What is a book? Physically, it could be said, it is a collection of pieces of paper of the same size between covers and held together by glue and string. In another sense, it is the intellectual content conveyed by the words which are written or printed on the pages. All cultures are in agreement with the latter statement; comparatively few would agree with the former. Two thousand years ago in the Mediterranean world a book was physically a long roll of papyrus or of parchment. At the same time in China it was a collection of thin strips of bamboo or pieces of silk.
In India, the earliest concept of the book was as a collection of leaves or sheets of bark strung together between covers by a cord. The Indians would have viewed with horror both the slaughtering of young animals for their skin and the writing of sacred texts on such material, while paper, which was invented in China in the 1st century, did not come into general use in northern India before the 13th century, at about the same time as in Europe, in each case the Muslim world being the intermediary. In southern India, however, palm leaves continued in general use until the 19th century as the normal writing material.
The first references to writing in India, found in the earliest layers of the Pali Buddhist Canon of about the 5th century BC, speak of various types of material used for writing, such as leaves (paṇṇa), wood (phalaka, or boards, and śalākā, or bamboo chips or slips), and metals. The type of leaves is unspecified, but there is no reason to believe that it is as yet actually the usual writing palm of ancient India, the talipot (Corypha umbraculifera), for the latter is indigenous only to the extreme south of the peninsula, of which the early Buddhist texts had no knowledge. In fact any kind of suitable leaf was probably made use of, as leaves of the plantain and śāla trees were used in village schools until recent times.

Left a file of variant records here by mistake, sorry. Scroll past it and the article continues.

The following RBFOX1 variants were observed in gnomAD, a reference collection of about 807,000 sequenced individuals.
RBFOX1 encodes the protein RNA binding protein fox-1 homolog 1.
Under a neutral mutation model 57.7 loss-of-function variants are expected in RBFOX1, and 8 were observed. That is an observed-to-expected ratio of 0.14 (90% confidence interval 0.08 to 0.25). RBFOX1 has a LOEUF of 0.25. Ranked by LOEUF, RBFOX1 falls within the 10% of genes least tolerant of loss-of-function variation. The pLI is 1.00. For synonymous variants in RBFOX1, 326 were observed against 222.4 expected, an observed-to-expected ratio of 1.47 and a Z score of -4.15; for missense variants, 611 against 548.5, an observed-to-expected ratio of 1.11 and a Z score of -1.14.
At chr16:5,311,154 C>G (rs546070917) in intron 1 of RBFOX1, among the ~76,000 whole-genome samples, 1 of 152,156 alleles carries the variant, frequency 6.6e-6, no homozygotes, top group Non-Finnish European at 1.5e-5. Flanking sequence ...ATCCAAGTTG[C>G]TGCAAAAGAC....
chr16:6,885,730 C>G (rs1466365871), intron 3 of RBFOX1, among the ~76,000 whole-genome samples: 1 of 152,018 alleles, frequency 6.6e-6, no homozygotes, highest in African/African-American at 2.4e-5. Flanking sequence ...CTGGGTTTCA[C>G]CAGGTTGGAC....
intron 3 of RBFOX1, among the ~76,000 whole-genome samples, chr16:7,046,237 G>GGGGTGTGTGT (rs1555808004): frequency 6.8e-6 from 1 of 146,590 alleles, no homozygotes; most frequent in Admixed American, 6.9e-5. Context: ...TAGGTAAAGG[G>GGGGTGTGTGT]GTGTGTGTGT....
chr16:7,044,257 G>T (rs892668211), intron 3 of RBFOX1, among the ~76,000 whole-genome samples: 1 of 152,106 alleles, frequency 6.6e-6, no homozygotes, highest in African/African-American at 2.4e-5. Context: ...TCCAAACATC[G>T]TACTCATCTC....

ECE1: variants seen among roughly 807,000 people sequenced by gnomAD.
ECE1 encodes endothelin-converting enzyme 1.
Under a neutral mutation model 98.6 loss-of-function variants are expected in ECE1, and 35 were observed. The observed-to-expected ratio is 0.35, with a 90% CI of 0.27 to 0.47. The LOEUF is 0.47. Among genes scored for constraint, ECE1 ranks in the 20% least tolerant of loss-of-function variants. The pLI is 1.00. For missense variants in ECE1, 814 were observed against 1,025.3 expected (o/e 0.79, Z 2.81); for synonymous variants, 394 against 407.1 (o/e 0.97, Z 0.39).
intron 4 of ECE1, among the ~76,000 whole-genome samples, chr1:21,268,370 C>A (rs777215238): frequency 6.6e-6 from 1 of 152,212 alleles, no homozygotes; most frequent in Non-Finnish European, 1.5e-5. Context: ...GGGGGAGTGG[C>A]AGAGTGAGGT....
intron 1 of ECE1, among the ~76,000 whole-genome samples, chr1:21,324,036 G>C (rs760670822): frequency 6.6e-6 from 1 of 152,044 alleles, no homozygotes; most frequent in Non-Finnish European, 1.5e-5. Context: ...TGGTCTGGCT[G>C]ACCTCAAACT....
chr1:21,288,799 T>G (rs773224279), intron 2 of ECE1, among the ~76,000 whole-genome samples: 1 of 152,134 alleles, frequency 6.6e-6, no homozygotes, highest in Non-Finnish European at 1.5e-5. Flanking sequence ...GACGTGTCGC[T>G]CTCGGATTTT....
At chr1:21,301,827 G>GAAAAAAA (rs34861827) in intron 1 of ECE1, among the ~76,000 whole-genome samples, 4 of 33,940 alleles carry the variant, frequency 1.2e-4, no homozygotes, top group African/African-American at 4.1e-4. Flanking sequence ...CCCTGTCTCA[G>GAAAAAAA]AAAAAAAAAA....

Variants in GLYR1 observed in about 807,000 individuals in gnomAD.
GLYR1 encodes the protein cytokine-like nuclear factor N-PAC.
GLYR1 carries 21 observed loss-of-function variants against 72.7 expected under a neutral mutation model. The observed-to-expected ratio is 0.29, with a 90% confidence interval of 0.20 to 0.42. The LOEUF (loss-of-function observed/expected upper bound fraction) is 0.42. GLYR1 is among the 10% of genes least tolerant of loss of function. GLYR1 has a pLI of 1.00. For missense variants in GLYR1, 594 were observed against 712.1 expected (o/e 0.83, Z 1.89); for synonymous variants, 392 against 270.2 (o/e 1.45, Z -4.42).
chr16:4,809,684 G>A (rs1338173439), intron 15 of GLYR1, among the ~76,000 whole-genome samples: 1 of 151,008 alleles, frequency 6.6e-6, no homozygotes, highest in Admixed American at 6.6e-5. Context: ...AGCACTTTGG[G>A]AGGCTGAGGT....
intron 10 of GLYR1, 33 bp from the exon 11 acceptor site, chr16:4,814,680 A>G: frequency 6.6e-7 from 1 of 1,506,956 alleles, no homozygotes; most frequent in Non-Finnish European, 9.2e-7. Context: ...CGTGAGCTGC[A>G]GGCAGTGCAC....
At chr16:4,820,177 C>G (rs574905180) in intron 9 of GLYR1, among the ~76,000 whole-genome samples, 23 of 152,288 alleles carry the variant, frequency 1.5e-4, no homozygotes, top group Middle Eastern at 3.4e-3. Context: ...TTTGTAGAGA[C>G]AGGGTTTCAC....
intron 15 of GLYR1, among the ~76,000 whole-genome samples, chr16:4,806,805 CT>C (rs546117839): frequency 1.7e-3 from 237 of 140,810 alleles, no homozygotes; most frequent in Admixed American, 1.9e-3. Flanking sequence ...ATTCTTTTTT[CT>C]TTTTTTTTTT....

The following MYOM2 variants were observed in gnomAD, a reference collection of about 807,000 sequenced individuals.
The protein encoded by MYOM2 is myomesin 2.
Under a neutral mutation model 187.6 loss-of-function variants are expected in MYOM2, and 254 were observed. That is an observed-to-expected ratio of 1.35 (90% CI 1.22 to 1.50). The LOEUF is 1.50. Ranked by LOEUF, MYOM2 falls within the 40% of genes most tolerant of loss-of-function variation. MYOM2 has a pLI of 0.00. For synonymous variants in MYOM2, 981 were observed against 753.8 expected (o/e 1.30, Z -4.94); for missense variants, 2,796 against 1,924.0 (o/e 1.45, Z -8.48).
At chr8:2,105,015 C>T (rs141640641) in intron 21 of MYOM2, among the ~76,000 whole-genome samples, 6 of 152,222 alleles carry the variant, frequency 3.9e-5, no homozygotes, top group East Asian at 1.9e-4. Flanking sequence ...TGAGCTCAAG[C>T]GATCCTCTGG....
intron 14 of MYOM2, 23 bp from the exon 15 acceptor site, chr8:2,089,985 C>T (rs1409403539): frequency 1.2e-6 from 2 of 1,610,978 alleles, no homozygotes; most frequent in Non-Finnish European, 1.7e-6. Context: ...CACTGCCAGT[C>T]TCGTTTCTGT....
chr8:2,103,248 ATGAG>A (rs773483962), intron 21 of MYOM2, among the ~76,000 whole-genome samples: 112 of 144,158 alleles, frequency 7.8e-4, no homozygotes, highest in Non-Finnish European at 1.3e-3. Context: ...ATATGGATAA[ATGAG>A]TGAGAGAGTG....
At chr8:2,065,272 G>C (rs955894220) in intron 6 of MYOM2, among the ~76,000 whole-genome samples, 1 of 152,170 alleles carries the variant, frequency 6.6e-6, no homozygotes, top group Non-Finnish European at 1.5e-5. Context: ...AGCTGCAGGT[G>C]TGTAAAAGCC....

Since much of what is known of the social history and material culture of ancient India is deduced from the obiter dicta of authors actually writing about something else, any argument 'from silence' must be used with extreme caution. Nonetheless, there is, as Rhys David long ago pointed out, an absolute silence about books (as physical objects, that is) in the Buddhist Canon, despite long inventories of what monks are and are not permitted to own, which argues that literary or religious texts were not committed to writing, while the repeated assertion that suttas (the Buddha's discourses) could be lost through a monk's having no disciple to teach them to, argues very strongly that the mere possibility of writing down the Buddhist sacred texts could not be entertained. This is not only the Indian aversion to the written as opposed to the oral tradition, but the very real problem that no writing material known in the 6th and 5th centuries BC was usable for writing connected literary or scriptural texts, as opposed to records, letters, or accounts. It is clear therefore that the use of the talipot must have been unknown to the north of India at this time, and seems still to have been unknown by the late 4th century BC, since it is not included with the writing materials (bark and cloth) noted by the Greek companions of Alexander. It can only have been with the expansion of the Mauryan empire into the south of India in the 3rd century BC that the talipot could have become known to the northern Indians, and its possibilities exploited for the writing of literary and religious texts.